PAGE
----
The custom of “trick-or-treating” evolved during the Middle Ages when beggars would travel from village to village and beg for “soul cakes.” It was customary for town criers dressed in black to walk the streets, ringing a bell and calling on Christians to remember the dead. "Souling" was the custom of baking and sharing soul cakes and prayers for all christened souls.

 

Fire sticks and torches and bonfires had a further grim significance on the eve of All Saints' Day.

Queen Mab is a fairy referred to in Shakespeare's play Romeo and Juliet, where she is the “fairies' midwife,” described as a small creature who performs midnight pranks upon sleepers, sometimes fulfilling desires but sometimes leaving nasty blisters on the lips should she so choose.

 

The Daily Telegraph reported in 1882…

 

 “It may be all very foolish and inconsistent with the severity of this extremely matter-of-fact age, but there are scores of country folks, even of today, who have the utmost faith in the existence of some Queen Mab "that plats the manes of horses in the night, and bakes the elf locks in foul sluttish hairs, which once entangled much misfortune bodes."

Such Mabs and elves and witches must be guarded against to ward off their evil eyes and mischievous influence. It is the fire that is their bane. Let the farmer carry a bunch of straw fired about his corn and all will be well with the crop; let him murmur some such incantation as “, Fire and red low light on my team now," and he is likely to avoid any subsequent danger or mischance; let the laborer light a torch and flash the fiery cross in the air, and away will fly the witches, baffled and undone”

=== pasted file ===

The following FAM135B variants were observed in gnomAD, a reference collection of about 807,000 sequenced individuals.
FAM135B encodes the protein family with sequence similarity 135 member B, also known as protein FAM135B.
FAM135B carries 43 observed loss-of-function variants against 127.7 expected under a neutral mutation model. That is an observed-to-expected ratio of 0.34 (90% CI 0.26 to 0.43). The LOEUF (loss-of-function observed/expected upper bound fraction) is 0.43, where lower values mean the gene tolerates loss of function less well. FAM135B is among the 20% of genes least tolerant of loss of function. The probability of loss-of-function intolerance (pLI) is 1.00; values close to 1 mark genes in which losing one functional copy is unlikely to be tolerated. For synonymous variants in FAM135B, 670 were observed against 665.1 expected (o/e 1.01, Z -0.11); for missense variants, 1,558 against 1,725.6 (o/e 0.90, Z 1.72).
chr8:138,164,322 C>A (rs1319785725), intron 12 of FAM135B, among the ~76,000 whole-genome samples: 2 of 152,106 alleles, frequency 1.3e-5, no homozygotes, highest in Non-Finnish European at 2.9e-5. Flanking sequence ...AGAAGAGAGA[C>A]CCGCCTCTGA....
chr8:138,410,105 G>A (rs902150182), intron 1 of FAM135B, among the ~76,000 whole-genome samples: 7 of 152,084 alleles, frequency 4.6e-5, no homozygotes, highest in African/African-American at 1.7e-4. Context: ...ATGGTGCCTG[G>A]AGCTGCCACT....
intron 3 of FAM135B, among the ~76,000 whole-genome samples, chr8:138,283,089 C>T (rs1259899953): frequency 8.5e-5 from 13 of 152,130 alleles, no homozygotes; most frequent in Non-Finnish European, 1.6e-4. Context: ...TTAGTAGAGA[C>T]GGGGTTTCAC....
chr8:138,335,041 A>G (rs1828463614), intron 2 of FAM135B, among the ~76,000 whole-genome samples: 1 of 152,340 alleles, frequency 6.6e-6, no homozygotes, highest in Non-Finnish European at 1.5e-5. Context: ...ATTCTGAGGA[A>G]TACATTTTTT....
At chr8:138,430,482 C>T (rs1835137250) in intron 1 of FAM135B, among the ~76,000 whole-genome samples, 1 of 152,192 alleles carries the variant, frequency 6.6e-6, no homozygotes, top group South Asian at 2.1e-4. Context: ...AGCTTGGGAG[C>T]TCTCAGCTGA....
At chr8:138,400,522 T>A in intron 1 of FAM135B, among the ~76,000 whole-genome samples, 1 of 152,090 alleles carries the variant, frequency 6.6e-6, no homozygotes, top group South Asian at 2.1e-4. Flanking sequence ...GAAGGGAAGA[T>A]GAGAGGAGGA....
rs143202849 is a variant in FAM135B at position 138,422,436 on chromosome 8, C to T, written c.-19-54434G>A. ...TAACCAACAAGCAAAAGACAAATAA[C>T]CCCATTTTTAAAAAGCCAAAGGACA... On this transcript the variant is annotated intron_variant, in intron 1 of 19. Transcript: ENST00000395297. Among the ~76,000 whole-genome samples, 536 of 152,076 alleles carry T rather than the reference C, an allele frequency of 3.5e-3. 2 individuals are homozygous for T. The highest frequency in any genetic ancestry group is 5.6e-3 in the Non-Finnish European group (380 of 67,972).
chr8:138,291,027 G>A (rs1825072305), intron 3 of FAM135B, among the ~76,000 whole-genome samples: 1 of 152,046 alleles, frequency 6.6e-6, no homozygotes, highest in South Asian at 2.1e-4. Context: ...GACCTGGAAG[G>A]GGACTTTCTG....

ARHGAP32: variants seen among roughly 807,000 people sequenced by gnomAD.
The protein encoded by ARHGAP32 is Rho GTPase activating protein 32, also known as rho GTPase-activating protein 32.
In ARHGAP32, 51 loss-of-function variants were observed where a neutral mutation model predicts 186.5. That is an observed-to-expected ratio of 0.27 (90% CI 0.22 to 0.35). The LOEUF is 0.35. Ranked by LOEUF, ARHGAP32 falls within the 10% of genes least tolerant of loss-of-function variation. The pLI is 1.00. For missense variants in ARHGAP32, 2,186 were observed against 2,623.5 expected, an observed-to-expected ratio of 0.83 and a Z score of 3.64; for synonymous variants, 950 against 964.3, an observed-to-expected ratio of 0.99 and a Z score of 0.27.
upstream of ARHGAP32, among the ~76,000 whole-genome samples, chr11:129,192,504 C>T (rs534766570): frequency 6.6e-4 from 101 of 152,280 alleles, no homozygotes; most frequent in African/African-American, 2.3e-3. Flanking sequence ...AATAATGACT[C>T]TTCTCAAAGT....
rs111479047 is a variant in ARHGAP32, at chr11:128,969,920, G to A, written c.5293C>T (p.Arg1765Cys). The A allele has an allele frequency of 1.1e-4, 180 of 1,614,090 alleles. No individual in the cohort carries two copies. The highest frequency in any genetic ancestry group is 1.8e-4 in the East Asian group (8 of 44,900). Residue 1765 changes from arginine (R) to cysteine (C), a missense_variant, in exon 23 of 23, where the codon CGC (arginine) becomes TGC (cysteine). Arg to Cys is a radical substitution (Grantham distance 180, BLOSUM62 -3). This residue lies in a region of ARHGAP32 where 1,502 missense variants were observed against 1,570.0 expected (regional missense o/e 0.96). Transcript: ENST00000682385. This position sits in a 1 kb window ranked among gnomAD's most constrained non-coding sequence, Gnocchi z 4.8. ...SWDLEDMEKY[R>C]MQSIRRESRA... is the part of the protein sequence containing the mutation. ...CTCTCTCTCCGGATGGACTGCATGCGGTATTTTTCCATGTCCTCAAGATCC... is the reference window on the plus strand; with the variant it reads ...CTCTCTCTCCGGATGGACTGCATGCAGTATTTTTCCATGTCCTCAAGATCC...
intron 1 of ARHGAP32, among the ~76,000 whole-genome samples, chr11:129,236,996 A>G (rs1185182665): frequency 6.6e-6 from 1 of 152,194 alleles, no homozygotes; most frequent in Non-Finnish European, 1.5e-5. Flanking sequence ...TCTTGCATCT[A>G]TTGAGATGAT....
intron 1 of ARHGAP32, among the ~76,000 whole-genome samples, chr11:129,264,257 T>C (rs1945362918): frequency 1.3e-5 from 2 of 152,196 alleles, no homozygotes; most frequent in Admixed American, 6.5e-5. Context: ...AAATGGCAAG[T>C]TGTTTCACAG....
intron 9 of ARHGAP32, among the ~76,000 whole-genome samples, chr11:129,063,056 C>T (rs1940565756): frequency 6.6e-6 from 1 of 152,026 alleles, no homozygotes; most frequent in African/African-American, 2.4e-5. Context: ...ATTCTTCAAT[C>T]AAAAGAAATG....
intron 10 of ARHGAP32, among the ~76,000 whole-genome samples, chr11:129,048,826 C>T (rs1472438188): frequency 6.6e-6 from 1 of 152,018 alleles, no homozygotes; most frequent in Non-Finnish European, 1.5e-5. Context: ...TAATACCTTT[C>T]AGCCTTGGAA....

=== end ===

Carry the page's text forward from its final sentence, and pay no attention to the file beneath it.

This is why fire sticks were among the most common asset of a well-considered Halloween. The same use was to be found in the scarlet -berries of the rowan tree or mountain ash, and in a coil of scarlet wool. They say in Scotland,

 

 “Rowan tree and red thread. To gar the witches and dance them dead,"

 

Which, being interpreted, means to dance down until they die from exhaustion.

Variations of these bonfire ceremonies were observed in all parts of the country. The love ceremonies in connection with Halloween are almost as numerous as those connected with St. Valentine's Day, and apples, as well as nuts, play a curious part in the prediction of the destinies of young people. To burn two nuts side by side to see if the flame is mutual, steadfast, and enduring, or sudden, fitful, and impetuous, was common as was the old trick of flinging orange or apple peel over the shoulder to see what initial it would form. Many young women also believed that if they took a candle and stood